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Joe Nickell - Humanistic Skepticism
Posted: 25 July 2008 07:56 AM   [ Ignore ]   [ # 16 ]
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jholt - 24 July 2008 08:47 PM

In Skeptic magazine [Vol. 13 No. 4 2008] there’s some great pieces that include criticisms and insight into some of Däniken’s work and views. Tim Callahan’s essay, A New Mythology, touches very briefly on Däniken and the “gods” of ancient myth were actually extraterrestrials…”, but it is more of a tour de force of skepticism into “consider(ing) the [grand New Age] myth as a whole and try to understand what need it fills in its adherence.”

But, for the purpose of this discussion I wanted to offer this section by Daniel.

Racism?

One very serious criticism of the idea that many ancient monuments required alien builders is that this a often seems to be based on racism. For example, it’s common for von Däniken’s books to describe skilled workers of ancient art and architecture and then say things like, “with the best will in the world one cannot imagine savages making them.”

Is he saying that all ancient humans were “savages” who were too primitive to build their own monuments? Actually, he seems to make an exception for the people of Europe. One anthropology textbook calculated that 96 percent of von Däniken’s examples “are from places other than Europe.” The textbook author wrote that von Däniken is apparently “utterly astounded by the archaeological records of ancient Africa, Asia, and North America. He is so astounded, in fact, that he thinks that only through the assistance of men from outer space could those black, brown, yellow and red people have produced the prehistoric works that archaeologists find on these continents.”

Why does von Däniken mostly ignore ancient European accomplishments such as Stonehenge or the temples of the Greeks? Skeptic James Randi thought he knew the answer: “because these wonders are European. built by people he expects to have the intelligence and ability to do such work.” Randi blamed this double standard on von Däniken’s “personal prejudices,” saying von Däniken “cannot conceive of our brown and black brothers having the wit to conceive or the skill to build the great structures they did leave behind.”—[Daniel Loxton]

Piques my interest now to read them again, because I think Randi’s exaggerating.  I thought Daniken did write about Stonehenge, using it because he could get away with making an alien visitation story out of it.  It’s origins are mysterious, and the greco-roman remains haven’t had any popular mystery left to them after the Renaissance.  Besides the henges, are there any European relics from antiquity impressive enough to help Daniken make such a case?  All the “wow” finds locate someplace else.  Googling Daniken offers him some defense, from Chariots of the Gods, “Let us not forget that we too were semi-savages 8,000 years ago.”  Daniken wasn’t an archaeologist or academic, just a storyteller, and didn’t see the warning that circulated throughout academia—the official notice declaring the term “savage” as racist de facto.

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Posted: 25 July 2008 08:41 AM   [ Ignore ]   [ # 17 ]
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“...[Däniken] cannot conceive of our brown and black brothers having the wit to conceive or the skill to build the great structures they did leave behind.”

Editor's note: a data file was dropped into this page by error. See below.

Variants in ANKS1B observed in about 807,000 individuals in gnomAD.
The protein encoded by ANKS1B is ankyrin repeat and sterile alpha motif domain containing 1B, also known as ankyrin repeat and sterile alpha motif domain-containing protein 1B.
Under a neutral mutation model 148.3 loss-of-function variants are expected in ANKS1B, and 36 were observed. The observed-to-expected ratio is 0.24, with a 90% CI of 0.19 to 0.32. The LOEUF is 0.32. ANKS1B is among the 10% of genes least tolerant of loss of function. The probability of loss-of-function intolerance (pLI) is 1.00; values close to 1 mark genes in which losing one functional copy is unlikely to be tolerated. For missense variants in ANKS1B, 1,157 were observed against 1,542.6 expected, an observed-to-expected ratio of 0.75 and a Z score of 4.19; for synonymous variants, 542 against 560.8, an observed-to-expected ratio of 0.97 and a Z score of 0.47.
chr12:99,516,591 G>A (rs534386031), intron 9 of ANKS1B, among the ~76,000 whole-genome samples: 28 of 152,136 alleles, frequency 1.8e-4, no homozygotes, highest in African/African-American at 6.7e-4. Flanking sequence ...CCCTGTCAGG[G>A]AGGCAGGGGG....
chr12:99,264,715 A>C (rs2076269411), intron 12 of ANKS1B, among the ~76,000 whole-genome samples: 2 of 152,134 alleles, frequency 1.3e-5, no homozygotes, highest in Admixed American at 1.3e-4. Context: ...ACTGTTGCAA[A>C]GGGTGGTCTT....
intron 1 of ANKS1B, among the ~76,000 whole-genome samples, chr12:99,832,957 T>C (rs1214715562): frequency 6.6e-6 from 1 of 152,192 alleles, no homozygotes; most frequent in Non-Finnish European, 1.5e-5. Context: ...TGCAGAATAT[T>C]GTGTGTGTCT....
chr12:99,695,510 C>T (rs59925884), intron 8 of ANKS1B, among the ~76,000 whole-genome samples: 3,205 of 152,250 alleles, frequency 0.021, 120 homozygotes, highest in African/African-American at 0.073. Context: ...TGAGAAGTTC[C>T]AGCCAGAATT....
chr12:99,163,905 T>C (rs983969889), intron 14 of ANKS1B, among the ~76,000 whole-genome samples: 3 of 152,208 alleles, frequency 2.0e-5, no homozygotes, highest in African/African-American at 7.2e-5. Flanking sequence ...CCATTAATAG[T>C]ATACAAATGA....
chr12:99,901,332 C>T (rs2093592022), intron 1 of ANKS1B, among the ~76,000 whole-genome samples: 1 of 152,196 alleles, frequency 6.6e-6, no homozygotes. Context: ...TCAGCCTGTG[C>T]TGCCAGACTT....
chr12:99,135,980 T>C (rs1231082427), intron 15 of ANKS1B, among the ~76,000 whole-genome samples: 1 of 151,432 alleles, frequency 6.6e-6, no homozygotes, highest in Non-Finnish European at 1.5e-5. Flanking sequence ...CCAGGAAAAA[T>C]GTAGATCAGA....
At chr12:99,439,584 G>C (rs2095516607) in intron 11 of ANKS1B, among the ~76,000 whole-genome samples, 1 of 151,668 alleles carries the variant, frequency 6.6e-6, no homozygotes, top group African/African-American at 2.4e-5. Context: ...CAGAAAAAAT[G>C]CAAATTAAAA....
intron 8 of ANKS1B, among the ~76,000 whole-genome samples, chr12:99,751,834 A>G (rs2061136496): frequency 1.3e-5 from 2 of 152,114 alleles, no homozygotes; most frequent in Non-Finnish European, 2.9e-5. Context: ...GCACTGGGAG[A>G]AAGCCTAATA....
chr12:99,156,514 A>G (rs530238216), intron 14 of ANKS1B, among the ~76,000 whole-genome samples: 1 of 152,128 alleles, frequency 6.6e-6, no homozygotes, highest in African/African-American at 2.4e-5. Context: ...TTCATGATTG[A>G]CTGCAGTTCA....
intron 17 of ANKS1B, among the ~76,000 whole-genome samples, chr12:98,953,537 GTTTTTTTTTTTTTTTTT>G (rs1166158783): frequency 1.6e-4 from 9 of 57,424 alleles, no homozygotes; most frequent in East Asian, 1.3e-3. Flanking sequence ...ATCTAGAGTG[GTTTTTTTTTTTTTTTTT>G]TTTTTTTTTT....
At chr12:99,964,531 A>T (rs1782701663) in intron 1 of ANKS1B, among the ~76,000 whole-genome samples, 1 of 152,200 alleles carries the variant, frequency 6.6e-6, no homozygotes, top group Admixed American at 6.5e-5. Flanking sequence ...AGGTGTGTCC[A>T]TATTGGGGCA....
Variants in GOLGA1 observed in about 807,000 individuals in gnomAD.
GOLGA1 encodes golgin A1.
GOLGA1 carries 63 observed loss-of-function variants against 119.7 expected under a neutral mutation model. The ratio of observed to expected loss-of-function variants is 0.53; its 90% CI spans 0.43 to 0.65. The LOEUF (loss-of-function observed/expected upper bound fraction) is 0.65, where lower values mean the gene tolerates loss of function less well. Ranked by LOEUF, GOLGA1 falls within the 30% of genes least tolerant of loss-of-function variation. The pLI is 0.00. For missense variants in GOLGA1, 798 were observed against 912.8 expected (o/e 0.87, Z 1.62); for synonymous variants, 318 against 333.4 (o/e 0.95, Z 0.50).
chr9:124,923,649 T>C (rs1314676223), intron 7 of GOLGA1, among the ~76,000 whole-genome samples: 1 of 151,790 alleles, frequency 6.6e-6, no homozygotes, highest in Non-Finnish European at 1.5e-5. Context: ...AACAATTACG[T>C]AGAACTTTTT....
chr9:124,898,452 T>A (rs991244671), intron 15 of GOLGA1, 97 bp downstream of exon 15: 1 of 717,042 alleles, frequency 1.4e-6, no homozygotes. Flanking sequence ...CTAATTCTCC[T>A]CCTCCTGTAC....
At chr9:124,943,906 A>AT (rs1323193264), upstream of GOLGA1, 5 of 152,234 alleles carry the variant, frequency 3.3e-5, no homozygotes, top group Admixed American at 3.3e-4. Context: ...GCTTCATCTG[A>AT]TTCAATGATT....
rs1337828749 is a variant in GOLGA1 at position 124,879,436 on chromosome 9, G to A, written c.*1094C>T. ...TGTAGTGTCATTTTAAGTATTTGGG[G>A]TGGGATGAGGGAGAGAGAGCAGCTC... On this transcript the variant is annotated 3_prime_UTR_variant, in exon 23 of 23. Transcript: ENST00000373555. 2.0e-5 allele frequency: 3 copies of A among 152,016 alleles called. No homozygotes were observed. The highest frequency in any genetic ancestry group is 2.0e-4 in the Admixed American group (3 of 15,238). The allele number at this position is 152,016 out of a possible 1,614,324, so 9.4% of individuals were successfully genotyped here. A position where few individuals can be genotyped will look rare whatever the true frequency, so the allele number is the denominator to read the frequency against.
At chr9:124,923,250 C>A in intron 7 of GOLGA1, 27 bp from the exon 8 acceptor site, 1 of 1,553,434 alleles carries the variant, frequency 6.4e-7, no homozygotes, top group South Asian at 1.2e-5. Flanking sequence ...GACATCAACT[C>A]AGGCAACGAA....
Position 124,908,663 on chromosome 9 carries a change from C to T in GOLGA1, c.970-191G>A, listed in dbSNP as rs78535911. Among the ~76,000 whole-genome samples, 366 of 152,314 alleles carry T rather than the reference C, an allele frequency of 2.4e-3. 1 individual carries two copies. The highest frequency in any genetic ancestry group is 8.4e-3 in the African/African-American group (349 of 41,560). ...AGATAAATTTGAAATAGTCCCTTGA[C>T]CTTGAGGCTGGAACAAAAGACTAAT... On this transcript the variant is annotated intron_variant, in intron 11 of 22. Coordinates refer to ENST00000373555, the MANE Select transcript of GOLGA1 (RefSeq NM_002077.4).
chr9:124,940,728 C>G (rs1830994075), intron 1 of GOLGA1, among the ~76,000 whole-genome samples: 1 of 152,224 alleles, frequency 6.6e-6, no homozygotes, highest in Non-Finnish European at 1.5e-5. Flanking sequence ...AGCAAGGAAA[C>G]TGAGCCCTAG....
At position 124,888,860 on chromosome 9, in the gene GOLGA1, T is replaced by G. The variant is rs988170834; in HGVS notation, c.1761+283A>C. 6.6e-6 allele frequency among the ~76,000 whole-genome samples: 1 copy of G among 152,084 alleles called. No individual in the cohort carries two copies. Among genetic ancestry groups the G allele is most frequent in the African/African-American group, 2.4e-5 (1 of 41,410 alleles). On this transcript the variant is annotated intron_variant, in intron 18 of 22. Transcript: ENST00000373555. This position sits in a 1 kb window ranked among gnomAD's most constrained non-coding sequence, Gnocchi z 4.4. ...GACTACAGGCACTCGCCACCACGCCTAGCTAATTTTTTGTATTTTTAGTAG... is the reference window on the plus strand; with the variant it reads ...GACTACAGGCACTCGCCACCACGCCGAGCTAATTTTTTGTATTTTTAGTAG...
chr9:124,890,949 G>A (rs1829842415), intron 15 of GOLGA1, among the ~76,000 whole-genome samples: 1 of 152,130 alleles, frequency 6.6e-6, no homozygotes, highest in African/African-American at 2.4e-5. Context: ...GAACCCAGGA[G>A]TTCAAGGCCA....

This is simply garbage. Randi doesn’t know what he’s talking about as he probably never read Däniken’s books. Däniken has indeed written several books about Europe. Die Rätsel im alten Europa and Odyssey of the Gods — An Alien History of Ancient Greece are the ones I remember reading. In his books Däniken looks for reasons why “our brown and black brothers” built the structures, and tries to look for evidence (unsuccessfully, IMO) that they did it either to imitate the “gods” or to attract their attention.

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Posted: 25 July 2008 09:25 AM   [ Ignore ]   [ # 18 ]
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[ Edited: 30 July 2008 06:12 PM by jholt ]
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Posted: 25 July 2008 09:54 AM   [ Ignore ]   [ # 19 ]
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[ Edited: 30 July 2008 06:12 PM by jholt ]
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Posted: 25 July 2008 10:34 AM   [ Ignore ]   [ # 20 ]
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jholt - 25 July 2008 09:54 AM

Aesopo,

I am having a hard time following your reasoning and I think it comes from what is meant by “implicitly racist”. Searching out a smoking gun is futile and no one I’ve quoted is saying directly that Däniken is a racist. The term “racism” or “racist” in these insistences are not some academic bogeyman. In these cases it’s possible the person’s “tone” as Joe describes may come completely unintentional and is unacknowledged by the author due to factors not always clear. Randi proposes that it’s possibly from “personal prejudice”, or possible comes from blatant ignorance, which is where my money is when reading Däniken’s nonsense.

Several examples critics cite to imply reveal Daniken’s “implicit racism” point to his use of the term “savage”.  It once was a term used in academia to denote people of “preliterate” cultures.  For various reasons, one being that the word is shared with many pejorative definitions also, this use of the word fell out of favor.  What language did Daniken write the books in, anybody know?  It was German, was it?  I wonder what word he used that translated into “savage”.

As I say, I’m interested to read the books to get a sense myself.  On the face of it, I would say the evidence is thin Daniken’s strange aliens hypothesis reflected “implied racism”, and Daniken’s motives could well have been mercenary.  He sold one helluv-a-lotta books.

Only point I’d like to make is that Nickell’s statement was par for the course, and whether he’s right or wrong to say it, I fail to see what it has to do with him trying to be a “humanistic secularist”.

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Posted: 25 July 2008 10:55 AM   [ Ignore ]   [ # 21 ]
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jholt - 25 July 2008 09:25 AM

Something like the Pazca Lines are about the people of the Pazca culture and he simply dismisses that they had the ability to perform these feats free of ET influence and intervention in their own time, why, because to Däniken they are evidence of ET because the people created in ways that are not easily understandable and they lacked the where-with-all to give them meaning or purpose, or the ability to construct them as they were.